The 5 Best Restaurants In Venice Italy + 7 Essential Dining Tips

There are probably more bad restaurants in Venice than anywhere in Italy. It's a tourist town filled with bland, overpriced meals. But we've discovered it's not impossible to find a great meal. The insider tips are simple. First, avoid restaurants that post a menu turistico in English. Second, the further away you get from St Mark's Square the better your chance of finding an authentic Venetian meal.

Luckily, we've uncovered the five best restaurants in Venice. Some are elegant and worth a splurge, and others are truly hole-in-the wall affairs, recognized for their simple yet delicious Venetian cuisine and reasonable prices. Yet they've all stood the test of time. Remember, Venice is a seafood town, embrace it while you're there!

1. Antico Martini – Luxury Venice Restaurant

Antico Martini

Founded in 1720 as a coffee house, it became a restaurant Antico Martini in 1952 — and lots happened in between. It was a piano bar, it's where troops were entertained during World War II, and it's seen its fair share of celebrity diners — Charlie Chaplin, Laurence Olivier, Peggy Guggenheim, and Edward Windsor & Simpson.

Antico Martini serves Venetian classics like fegato alla veneziana, fried liver; and frittura dell'Adriatico dalla paranza di Alberto, crisp, fried local seafood. Expect high-end cuisine with elegant dining rooms and an outdoor terrace. Reservations are recommended.

2. Locanda Cipriani – Romantic Getaway

Locanda Cipriani

Located on the sleepy island of Torcello, a 30-minute vaporetto ride from Venice, making it ideal for a romantic splurge lunch or dinner. Since it opened in 1938, it's attracted a star clientele — Princess Diana, Tom Cruise, Sandra Bullock, and QE II (that's Queen Elizabeth II to you).

You may be familiar with the owners, the Cipriani family, they're also are the founders of Harry's Bar in Venice. The cuisine is rustic, and follows founder Carla Cipriani's original recipes. There are three indoor dining rooms, an outdoor terrace and garden. There are also five dreamy, guest rooms.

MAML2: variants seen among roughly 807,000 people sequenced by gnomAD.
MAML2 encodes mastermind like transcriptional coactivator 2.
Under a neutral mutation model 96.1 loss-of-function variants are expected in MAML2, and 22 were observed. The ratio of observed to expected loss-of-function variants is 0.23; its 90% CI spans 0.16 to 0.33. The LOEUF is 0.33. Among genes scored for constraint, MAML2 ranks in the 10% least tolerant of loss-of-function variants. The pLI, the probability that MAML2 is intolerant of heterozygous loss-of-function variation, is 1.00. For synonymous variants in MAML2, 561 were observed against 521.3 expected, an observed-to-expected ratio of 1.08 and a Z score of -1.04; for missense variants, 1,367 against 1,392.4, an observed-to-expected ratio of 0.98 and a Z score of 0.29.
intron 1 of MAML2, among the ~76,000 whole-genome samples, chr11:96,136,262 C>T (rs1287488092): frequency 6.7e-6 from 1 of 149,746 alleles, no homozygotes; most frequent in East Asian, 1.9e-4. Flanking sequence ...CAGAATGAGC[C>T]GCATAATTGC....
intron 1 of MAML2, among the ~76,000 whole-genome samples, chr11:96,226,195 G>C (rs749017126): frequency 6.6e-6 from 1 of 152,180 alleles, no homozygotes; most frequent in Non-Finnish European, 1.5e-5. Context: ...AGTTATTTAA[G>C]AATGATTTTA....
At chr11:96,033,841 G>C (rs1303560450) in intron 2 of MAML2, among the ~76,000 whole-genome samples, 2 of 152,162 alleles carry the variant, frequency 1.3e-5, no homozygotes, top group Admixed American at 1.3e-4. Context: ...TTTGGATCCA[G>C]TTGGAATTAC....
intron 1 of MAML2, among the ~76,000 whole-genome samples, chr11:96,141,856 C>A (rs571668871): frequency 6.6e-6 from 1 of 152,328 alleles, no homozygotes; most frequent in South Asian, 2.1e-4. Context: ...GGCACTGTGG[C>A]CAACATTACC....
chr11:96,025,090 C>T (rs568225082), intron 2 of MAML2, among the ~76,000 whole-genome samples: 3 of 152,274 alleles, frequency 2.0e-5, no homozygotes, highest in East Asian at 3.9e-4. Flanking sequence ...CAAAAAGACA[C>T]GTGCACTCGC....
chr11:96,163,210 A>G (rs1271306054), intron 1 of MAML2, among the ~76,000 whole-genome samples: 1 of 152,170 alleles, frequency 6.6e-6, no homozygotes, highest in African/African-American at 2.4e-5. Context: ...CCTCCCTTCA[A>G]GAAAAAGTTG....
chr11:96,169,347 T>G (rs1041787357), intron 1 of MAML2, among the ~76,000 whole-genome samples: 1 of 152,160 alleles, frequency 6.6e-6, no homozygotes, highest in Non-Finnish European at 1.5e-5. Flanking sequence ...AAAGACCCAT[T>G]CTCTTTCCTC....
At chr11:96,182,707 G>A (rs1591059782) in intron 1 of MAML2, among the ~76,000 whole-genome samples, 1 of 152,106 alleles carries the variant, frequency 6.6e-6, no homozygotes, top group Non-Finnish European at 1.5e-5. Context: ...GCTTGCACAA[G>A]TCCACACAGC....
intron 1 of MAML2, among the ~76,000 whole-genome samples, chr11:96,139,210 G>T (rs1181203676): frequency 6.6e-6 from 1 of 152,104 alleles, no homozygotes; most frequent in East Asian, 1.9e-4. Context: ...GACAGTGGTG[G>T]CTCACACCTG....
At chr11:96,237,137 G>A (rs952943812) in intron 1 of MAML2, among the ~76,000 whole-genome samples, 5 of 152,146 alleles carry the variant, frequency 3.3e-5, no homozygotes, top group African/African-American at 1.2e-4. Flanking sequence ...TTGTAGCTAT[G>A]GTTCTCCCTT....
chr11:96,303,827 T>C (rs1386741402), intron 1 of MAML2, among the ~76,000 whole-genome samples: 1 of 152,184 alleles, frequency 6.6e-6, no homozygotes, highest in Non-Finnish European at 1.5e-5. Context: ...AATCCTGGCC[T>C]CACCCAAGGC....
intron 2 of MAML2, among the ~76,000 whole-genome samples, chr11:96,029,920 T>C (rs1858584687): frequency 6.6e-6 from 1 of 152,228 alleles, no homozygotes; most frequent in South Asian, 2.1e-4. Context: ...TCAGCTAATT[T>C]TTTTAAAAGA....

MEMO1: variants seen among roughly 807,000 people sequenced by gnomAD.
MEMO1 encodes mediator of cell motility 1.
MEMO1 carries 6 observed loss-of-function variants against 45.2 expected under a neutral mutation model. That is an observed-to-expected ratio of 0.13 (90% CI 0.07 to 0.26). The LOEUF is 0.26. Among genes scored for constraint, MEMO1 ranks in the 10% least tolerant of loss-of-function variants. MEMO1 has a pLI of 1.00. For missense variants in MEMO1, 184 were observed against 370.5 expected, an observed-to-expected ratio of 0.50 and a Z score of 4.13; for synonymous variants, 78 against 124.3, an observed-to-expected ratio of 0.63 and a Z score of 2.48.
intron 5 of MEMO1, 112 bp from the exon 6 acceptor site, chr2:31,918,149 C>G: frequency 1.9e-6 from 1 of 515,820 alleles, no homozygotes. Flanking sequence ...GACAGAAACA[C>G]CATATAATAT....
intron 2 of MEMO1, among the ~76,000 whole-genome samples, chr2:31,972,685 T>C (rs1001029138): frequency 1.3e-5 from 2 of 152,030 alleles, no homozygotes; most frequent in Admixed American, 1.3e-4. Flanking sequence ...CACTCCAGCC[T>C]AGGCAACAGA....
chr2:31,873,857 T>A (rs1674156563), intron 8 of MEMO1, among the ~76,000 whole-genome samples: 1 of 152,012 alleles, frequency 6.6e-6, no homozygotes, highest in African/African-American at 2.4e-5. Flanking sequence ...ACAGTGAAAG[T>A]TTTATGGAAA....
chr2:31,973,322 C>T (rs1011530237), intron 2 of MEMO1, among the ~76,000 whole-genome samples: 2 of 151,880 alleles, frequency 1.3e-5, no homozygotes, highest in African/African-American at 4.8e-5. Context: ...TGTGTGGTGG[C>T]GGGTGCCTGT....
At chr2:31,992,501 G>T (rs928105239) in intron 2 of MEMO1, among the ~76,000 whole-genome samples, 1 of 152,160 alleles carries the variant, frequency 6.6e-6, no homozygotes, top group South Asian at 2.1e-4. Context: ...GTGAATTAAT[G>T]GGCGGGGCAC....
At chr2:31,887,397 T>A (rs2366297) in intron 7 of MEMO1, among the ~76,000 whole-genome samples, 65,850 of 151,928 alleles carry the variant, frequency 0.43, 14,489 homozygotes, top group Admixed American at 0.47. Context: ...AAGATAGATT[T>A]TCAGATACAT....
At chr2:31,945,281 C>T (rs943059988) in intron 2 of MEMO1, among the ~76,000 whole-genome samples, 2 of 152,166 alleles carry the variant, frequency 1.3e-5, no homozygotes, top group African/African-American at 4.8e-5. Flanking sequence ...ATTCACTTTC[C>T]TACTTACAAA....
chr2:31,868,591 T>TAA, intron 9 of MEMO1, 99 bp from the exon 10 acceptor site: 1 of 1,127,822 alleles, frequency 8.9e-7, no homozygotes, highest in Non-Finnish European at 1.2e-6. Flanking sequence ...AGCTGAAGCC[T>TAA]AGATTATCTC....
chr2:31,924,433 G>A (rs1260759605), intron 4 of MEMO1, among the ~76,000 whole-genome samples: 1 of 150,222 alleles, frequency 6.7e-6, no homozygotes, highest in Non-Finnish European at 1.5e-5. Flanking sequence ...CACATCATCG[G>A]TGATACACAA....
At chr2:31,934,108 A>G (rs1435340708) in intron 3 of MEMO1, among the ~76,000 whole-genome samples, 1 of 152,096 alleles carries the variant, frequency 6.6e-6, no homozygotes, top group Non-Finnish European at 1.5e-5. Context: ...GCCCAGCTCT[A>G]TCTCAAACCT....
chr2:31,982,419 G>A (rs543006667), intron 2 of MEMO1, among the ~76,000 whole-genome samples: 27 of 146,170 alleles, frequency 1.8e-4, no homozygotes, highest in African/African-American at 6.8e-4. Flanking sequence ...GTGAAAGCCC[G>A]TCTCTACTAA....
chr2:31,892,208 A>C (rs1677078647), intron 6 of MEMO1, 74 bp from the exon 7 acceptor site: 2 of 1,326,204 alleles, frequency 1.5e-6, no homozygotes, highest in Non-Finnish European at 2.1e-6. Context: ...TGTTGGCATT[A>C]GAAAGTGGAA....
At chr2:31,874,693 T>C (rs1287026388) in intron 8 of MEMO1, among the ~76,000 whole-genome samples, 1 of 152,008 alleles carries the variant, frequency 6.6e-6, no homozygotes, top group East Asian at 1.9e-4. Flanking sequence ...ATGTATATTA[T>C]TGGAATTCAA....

3. Fiaschetteria Toscana – Classic Venetian Cuisine

Photo by Dave Yoder

Towards the end of the 1800s a Tuscan family moved to Venice, opened a bar, and named it after their native region. In 1956, the Busatto family took it over and launched a Venetian dining establishment. Local fish and produce plus an extensive wine list are reasons alone to visit. Reservations are recommended. The restaurant is closed on Tuesdays, the last week of July and 3 weeks in August (they are Italian, after all).

4. Antica Trattoria Bandierette – Budget Seafood

Antica Trattoria Bandierette

Found in a tourist-free area, don't be put off by this family-run restaurant's plain decor. They offer one of the best-value seafood menus in Venice. The husband-wife team who run this unassuming trattoria are famous for their light and flavourful seafood filled pasta and use of local ingredients. Closed Monday evenings and Tuesdays. Castello 6671, Barbaria De le Tole, 30122.

5. Osteria Antico Dolo – Historic Hole-in-the-Wall

Osteria Antico Dolo

Since 1434 there has been a restaurant at this location. For centuries, gondoliers goldsmiths, traders, and fishmongers flocked here for the house specialities — seppie in nero, squid in ink; and halibut vincentina. The restaurant is also famous for its house-made breads. Don't be put off by the truly horrible website.

Seven Tips About Dining & Food in Venice Italy

Photo by Dave Yoder

  1. If you've been traveling through Italy and dining late into the night Roman-style, dining in Venice may surprise you. Make your reservations by 7:30 pm. Most kitchens close by 10 pm.
  2. The only foods that Italians eat while moving is gelato. To find the best gelato, get off the major squares in Venice and head to the off-streets to find local, fresh gelato.
  3. Tipping is not necessary. A service tax and a cover charge are already added to your bill. You can leave a one or two euro coins on the table if your service was exemplary.
  4. Venetian cuisine is based on its proximity to the sea. First course risottos or pastas are usually prepared with fish or seafood — risotto al nero, made black with squid ink; spaghetti alle vongole, made with clams. Look for frutti de mare, mixed seafood plates. Bigoli, thick spaghetti is a favourite as it's perfect for holding sauce.
  5. Common seafood choices found in the best restaurants of Venice include branzino, whole, sea bass; rombo, turbot; moeche, soft shelled crab; and sarde in soar, sardines in a sweet-and-sour sauce of onion, vinegar, pine nuts and raisins.
  6. Instead of drinking soft drinks, do as the Venetians do — drink prosecco. Locals love the dry white wine and pinot from the Friuli region and, of course, prosecco, which they treat like soda. Popular regional Veneto red wines are Bardolina, Valpolicella, and Soave.
  7. For a simple lunch or dinner, head to the bacari (local wine bars) for cichetti (Venetian-style tapas). Stand at the bar and have a glass of wine along with grilled artichokes, mini-sandwiches filled with local goodness, and cured meats. The tradition is known as ombra, or shadow.